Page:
There is No “Safe Space” for Sex Positive Businesses on the Web

Some examples of my "offensive" art work.

Some examples of my “offensive” art work.

I am a love warrior. Every day I fight to do the things that I love, and have meaning for me. My heart is in creative work, communications and sex education. I am lucky enough to make my living this way. But it’s also an incredibly difficult and painful life I have chosen for myself in some ways (even if I would not have it any other way).

I am a writer, sex educator, and artist who makes sex-positive artwork. I have a lot of people tell me how important the work I do is for promoting a healthy sex positive society. I am not afraid to put myself in the public eye as an advocate for healthy sexuality. However, I do get a lot of messages as a businessperson that my work is not okay, challenges that sometimes threaten my livelihood. Here’s a few examples of some of the challenges I’ve struggled with in recent times:

Etsy informed me that my products (this sacred amulet imported from a Buddhist temple in Japan, specifically) needed to be obscured and tagged due to their mature content. I’m fine with tagging my items, but was frustrated that I couldn’t actually SHOW what I was selling in the thumbnail. I’ve found some acceptable hacks: blurring out nipples on my pin-up altars, artful cropping of vulva pendants. (AASECT blogged about my struggles with Etsy here). I am in the process of creating my own retail site where I don’t have to censor my work in addition to my Etsy shop, but it frustrates me that I am subjected to censorship (which negatively impacts sales), and I am pretty certain that my art will never show up on their front page, and I will never be a featured seller. But hey, at least they allow me to sell “mature” art instead of banning me entirely?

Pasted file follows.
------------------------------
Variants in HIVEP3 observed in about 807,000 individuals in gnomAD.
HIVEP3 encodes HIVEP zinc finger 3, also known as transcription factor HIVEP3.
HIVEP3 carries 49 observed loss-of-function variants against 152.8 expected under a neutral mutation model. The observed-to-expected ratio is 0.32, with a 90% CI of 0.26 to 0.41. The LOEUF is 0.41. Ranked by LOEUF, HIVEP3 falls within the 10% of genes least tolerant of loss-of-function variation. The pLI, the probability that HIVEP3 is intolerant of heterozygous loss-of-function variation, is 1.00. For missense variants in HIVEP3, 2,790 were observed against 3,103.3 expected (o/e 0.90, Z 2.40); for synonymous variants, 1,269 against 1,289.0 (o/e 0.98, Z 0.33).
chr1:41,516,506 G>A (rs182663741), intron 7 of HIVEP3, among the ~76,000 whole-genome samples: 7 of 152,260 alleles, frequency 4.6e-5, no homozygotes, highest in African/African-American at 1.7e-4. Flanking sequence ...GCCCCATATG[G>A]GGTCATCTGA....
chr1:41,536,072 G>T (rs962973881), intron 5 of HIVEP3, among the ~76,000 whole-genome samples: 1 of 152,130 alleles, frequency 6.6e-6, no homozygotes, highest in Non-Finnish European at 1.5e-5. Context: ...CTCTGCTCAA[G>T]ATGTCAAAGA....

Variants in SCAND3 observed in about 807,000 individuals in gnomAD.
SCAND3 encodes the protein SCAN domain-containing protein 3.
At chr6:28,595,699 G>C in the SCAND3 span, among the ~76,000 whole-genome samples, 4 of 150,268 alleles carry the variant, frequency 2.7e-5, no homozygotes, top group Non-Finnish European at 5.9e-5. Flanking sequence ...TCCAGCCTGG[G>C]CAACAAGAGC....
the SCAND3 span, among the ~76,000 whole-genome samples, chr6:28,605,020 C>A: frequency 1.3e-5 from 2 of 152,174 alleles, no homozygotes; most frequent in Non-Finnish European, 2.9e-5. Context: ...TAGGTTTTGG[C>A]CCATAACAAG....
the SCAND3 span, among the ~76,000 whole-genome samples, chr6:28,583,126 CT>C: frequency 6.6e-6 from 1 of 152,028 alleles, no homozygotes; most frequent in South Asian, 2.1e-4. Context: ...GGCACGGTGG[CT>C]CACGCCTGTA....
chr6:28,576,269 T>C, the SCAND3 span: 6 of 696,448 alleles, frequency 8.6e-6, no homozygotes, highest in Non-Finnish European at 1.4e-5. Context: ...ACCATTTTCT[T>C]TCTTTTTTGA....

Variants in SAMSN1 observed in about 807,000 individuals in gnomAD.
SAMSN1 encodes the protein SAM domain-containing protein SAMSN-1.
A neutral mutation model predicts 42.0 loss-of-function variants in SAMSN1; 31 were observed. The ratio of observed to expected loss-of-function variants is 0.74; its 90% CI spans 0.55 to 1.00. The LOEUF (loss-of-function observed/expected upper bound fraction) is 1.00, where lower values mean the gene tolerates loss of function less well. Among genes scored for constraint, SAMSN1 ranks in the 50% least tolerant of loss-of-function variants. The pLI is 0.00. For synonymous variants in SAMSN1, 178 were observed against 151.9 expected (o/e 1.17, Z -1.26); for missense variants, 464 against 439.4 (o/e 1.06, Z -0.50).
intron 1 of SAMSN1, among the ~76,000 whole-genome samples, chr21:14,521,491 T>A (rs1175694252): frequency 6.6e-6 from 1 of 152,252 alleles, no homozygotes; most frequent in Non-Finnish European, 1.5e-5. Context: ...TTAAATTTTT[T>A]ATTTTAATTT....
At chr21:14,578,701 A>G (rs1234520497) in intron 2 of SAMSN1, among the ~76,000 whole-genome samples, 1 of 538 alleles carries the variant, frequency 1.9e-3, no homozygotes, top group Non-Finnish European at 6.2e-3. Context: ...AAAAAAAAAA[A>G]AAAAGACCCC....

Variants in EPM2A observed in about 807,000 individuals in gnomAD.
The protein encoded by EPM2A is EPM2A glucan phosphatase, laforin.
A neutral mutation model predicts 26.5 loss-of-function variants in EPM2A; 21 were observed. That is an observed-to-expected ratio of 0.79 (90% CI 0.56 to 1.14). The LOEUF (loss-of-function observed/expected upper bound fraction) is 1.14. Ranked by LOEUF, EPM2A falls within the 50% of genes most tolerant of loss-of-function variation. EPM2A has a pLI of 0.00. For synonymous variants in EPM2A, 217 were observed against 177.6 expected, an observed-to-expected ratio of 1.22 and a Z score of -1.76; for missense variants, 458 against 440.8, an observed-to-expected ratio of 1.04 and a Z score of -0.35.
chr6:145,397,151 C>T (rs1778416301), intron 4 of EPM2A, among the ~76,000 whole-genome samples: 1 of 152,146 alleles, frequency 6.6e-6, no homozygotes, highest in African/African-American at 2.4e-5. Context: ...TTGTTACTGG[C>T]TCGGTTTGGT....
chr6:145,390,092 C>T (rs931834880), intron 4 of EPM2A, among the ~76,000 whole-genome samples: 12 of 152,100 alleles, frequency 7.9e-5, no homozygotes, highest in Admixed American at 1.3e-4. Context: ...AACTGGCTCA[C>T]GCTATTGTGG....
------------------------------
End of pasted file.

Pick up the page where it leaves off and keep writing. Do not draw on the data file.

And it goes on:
On a similar note, several of the more mainstream websites I write for will not feature my articles about sex-related topics on their front pages, or even promote the pieces through their official social media channels, which means it’s pretty much my sole responsibility to make sure people can find the writing at all.

The thing that finally pushed me to write this blog post is that Paypal decided to close down both my business and personal accounts without any warning or way to appeal. Fortunately I have a habit of withdrawing my funds promptly when I receive them and did not lose any money when this happened, but it felt like a slap on the face. They would not give me a specific reason as to why my accounts were terminated, and informed me that I have no avenue to appeal the closures. Apparently Paypal has a rather arbitrary vendetta against people whose businesses even tangentially involve sex-related content, even when it is completely legal. This didn’t just affect my business- I can’t even receive payments completely unrelated to my business anymore. This blog post is geared to more traditional sex workers but it really highlights how virtually every online payment option discriminates against people who do work related to sex.

The free market isn’t free when the morality police make it virtually impossible for people to engage even in COMPLETELY LEGAL COMMERCE. I’m selling artwork for chrissakes, though artists, like those who do work related to sex, are also a stigmatized class that have been historically targeted for harassment and censorship.

I don’t have much more to say about this other than I will continue to do my best to do creative work I feel is necessary and important against these odds. As they say, “Well behaved women (or genderqueers in my case) seldom make history,” and I’m fresh out of fucks to give.

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